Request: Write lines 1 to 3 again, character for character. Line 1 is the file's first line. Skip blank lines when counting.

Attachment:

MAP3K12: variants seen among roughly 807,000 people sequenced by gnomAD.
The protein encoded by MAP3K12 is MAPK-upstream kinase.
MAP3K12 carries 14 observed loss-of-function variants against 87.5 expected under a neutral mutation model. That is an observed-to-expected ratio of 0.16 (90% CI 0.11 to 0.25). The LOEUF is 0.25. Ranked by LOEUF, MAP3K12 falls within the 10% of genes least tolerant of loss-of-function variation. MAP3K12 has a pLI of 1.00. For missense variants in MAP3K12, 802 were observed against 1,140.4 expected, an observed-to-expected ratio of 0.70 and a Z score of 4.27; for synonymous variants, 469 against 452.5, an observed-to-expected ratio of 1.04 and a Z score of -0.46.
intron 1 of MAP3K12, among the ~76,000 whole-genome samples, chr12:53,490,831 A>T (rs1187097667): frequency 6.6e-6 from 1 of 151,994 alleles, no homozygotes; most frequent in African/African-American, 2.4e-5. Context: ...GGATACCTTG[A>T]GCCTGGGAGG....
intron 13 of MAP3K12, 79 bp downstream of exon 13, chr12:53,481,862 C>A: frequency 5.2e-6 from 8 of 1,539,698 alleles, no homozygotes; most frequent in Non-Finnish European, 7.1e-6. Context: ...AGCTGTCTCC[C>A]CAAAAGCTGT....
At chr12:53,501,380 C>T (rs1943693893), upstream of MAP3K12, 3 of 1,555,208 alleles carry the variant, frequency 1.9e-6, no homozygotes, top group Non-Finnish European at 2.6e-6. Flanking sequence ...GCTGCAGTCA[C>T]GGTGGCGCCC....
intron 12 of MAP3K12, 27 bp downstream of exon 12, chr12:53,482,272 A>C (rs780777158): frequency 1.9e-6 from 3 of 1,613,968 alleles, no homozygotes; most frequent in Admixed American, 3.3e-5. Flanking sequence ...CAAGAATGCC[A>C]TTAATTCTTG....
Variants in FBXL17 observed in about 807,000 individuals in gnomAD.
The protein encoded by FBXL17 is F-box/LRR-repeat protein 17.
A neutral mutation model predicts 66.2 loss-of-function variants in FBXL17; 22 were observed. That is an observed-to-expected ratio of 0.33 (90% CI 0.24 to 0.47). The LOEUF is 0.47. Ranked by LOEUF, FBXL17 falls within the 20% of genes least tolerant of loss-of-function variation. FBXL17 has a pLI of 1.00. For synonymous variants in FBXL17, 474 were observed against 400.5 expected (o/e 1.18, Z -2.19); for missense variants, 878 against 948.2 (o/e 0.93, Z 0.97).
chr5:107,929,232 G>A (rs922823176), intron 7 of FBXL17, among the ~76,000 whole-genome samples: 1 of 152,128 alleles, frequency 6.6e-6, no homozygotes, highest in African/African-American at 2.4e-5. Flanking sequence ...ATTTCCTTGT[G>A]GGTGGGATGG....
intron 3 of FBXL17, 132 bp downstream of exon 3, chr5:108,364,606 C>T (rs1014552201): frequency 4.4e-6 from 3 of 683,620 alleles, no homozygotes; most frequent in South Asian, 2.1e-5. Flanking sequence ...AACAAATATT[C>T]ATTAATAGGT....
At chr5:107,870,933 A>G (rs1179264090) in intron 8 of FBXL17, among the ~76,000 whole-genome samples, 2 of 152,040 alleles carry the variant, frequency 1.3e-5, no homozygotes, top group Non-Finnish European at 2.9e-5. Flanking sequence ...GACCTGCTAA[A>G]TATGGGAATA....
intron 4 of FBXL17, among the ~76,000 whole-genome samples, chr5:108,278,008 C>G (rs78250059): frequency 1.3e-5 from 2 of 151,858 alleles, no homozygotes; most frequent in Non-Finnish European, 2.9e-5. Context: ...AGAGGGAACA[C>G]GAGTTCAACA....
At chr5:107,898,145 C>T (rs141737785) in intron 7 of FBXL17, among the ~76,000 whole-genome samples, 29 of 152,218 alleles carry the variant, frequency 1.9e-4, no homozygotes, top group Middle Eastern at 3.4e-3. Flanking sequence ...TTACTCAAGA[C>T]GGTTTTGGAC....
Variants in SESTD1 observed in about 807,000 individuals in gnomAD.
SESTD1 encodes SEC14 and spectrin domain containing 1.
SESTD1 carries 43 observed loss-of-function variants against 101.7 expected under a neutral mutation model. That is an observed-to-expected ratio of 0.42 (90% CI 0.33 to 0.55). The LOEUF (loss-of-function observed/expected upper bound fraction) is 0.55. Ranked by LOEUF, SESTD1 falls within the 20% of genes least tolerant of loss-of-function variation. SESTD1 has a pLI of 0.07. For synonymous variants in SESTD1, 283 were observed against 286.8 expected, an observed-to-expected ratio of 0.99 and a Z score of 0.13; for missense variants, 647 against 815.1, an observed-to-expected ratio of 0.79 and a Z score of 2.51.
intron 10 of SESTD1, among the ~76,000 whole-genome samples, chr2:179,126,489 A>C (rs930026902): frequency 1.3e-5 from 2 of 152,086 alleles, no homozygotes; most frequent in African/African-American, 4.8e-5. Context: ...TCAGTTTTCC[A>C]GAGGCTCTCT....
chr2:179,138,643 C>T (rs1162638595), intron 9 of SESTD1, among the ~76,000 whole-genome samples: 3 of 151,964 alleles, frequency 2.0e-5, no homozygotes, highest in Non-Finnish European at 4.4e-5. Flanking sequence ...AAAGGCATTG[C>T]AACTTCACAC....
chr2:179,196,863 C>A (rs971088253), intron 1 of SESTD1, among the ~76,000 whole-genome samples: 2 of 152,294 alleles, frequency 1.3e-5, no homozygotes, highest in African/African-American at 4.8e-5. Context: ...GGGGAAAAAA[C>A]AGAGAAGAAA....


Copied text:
MAP3K12: variants seen among roughly 807,000 people sequenced by gnomAD.
The protein encoded by MAP3K12 is MAPK-upstream kinase.
MAP3K12 carries 14 observed loss-of-function variants against 87.5 expected under a neutral mutation model. That is an observed-to-expected ratio of 0.16 (90% CI 0.11 to 0.25). The LOEUF is 0.25. Ranked by LOEUF, MAP3K12 falls within the 10% of genes least tolerant of loss-of-function variation. MAP3K12 has a pLI of 1.00. For missense variants in MAP3K12, 802 were observed against 1,140.4 expected, an observed-to-expected ratio of 0.70 and a Z score of 4.27; for synonymous variants, 469 against 452.5, an observed-to-expected ratio of 1.04 and a Z score of -0.46.